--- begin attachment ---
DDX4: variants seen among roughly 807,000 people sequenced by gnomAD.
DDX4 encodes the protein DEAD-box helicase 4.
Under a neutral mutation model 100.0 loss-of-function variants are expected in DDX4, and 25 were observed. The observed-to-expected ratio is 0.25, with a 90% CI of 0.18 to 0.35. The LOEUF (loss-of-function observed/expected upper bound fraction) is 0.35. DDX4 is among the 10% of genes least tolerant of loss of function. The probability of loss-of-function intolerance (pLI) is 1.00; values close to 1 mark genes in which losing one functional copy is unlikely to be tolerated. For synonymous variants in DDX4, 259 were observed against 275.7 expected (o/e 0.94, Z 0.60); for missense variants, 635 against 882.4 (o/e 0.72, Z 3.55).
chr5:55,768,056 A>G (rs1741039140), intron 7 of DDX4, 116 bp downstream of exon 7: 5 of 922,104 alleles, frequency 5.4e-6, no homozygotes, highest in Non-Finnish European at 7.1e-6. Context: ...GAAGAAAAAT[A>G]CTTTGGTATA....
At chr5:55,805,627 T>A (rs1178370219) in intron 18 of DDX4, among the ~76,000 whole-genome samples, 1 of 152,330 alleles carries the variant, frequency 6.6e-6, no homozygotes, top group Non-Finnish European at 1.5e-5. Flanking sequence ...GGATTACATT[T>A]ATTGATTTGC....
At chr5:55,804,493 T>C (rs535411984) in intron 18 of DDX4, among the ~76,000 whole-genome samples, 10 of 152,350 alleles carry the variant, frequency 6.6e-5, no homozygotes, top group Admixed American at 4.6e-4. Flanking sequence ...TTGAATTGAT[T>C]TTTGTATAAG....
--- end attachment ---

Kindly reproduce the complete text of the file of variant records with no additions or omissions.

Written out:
DDX4: variants seen among roughly 807,000 people sequenced by gnomAD.
DDX4 encodes the protein DEAD-box helicase 4.
Under a neutral mutation model 100.0 loss-of-function variants are expected in DDX4, and 25 were observed. The observed-to-expected ratio is 0.25, with a 90% CI of 0.18 to 0.35. The LOEUF (loss-of-function observed/expected upper bound fraction) is 0.35. DDX4 is among the 10% of genes least tolerant of loss of function. The probability of loss-of-function intolerance (pLI) is 1.00; values close to 1 mark genes in which losing one functional copy is unlikely to be tolerated. For synonymous variants in DDX4, 259 were observed against 275.7 expected (o/e 0.94, Z 0.60); for missense variants, 635 against 882.4 (o/e 0.72, Z 3.55).
chr5:55,768,056 A>G (rs1741039140), intron 7 of DDX4, 116 bp downstream of exon 7: 5 of 922,104 alleles, frequency 5.4e-6, no homozygotes, highest in Non-Finnish European at 7.1e-6. Context: ...GAAGAAAAAT[A>G]CTTTGGTATA....
At chr5:55,805,627 T>A (rs1178370219) in intron 18 of DDX4, among the ~76,000 whole-genome samples, 1 of 152,330 alleles carries the variant, frequency 6.6e-6, no homozygotes, top group Non-Finnish European at 1.5e-5. Flanking sequence ...GGATTACATT[T>A]ATTGATTTGC....
At chr5:55,804,493 T>C (rs535411984) in intron 18 of DDX4, among the ~76,000 whole-genome samples, 10 of 152,350 alleles carry the variant, frequency 6.6e-5, no homozygotes, top group Admixed American at 4.6e-4. Flanking sequence ...TTGAATTGAT[T>C]TTTGTATAAG....